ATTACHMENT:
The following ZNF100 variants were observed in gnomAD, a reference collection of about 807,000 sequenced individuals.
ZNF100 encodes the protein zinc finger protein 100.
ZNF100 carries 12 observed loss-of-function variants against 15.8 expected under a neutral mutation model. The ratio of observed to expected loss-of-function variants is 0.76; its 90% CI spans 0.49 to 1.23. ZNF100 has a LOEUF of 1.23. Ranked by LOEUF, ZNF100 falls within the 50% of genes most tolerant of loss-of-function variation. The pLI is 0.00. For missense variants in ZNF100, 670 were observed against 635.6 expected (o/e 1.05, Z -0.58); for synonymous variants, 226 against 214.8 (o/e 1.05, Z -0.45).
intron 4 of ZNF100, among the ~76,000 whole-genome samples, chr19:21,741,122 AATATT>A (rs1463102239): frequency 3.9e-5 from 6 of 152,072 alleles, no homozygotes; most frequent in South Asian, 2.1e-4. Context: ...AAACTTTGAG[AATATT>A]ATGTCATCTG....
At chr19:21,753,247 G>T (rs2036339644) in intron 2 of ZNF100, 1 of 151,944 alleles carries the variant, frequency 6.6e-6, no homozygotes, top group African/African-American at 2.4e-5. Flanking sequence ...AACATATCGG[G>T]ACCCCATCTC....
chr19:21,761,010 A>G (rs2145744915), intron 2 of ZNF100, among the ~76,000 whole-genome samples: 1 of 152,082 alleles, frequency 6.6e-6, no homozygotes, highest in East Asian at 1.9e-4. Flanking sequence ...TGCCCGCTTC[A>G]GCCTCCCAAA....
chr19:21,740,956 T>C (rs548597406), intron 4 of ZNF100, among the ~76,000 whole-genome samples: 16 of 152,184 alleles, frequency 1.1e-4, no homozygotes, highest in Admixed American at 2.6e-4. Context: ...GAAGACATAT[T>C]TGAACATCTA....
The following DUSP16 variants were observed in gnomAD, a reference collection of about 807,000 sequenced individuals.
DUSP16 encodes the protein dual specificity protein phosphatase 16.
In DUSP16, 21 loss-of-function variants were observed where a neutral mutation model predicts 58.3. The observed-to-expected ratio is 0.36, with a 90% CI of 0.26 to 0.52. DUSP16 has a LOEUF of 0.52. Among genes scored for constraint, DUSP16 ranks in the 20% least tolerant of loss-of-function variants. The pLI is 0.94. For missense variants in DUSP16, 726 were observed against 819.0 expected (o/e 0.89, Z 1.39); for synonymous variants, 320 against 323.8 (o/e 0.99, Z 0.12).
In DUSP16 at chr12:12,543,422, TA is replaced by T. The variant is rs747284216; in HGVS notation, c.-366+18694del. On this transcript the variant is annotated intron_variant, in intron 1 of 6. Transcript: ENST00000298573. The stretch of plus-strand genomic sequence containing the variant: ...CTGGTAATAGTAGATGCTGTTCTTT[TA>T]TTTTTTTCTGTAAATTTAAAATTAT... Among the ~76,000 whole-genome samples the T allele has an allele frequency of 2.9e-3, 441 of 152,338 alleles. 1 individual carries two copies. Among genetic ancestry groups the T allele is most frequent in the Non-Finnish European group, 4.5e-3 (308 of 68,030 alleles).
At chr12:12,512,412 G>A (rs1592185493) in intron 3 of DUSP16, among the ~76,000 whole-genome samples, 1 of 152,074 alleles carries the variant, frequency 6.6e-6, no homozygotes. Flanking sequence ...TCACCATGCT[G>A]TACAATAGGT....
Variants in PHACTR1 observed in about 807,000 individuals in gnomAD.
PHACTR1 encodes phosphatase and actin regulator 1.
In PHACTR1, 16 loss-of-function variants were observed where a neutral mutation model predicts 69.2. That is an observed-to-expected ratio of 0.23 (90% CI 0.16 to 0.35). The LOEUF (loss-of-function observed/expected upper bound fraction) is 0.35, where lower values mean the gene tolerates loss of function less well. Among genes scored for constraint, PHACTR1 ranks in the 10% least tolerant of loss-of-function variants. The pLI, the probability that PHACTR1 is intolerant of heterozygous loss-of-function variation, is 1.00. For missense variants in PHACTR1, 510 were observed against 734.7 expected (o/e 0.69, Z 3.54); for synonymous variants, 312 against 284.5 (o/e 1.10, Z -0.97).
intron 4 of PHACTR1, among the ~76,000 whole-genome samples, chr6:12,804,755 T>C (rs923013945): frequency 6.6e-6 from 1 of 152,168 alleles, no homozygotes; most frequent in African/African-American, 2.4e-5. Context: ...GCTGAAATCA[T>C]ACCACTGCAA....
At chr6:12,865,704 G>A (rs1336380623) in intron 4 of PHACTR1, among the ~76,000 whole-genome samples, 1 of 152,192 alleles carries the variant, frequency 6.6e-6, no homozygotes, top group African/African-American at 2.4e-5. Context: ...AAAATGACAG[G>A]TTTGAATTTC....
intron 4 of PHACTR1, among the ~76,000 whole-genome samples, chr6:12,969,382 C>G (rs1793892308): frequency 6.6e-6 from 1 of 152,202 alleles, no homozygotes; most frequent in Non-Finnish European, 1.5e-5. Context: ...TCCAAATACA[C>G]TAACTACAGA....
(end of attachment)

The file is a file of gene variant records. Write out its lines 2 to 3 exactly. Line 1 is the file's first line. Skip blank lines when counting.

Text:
ZNF100 encodes the protein zinc finger protein 100.
ZNF100 carries 12 observed loss-of-function variants against 15.8 expected under a neutral mutation model. The ratio of observed to expected loss-of-function variants is 0.76; its 90% CI spans 0.49 to 1.23. ZNF100 has a LOEUF of 1.23. Ranked by LOEUF, ZNF100 falls within the 50% of genes most tolerant of loss-of-function variation. The pLI is 0.00. For missense variants in ZNF100, 670 were observed against 635.6 expected (o/e 1.05, Z -0.58); for synonymous variants, 226 against 214.8 (o/e 1.05, Z -0.45).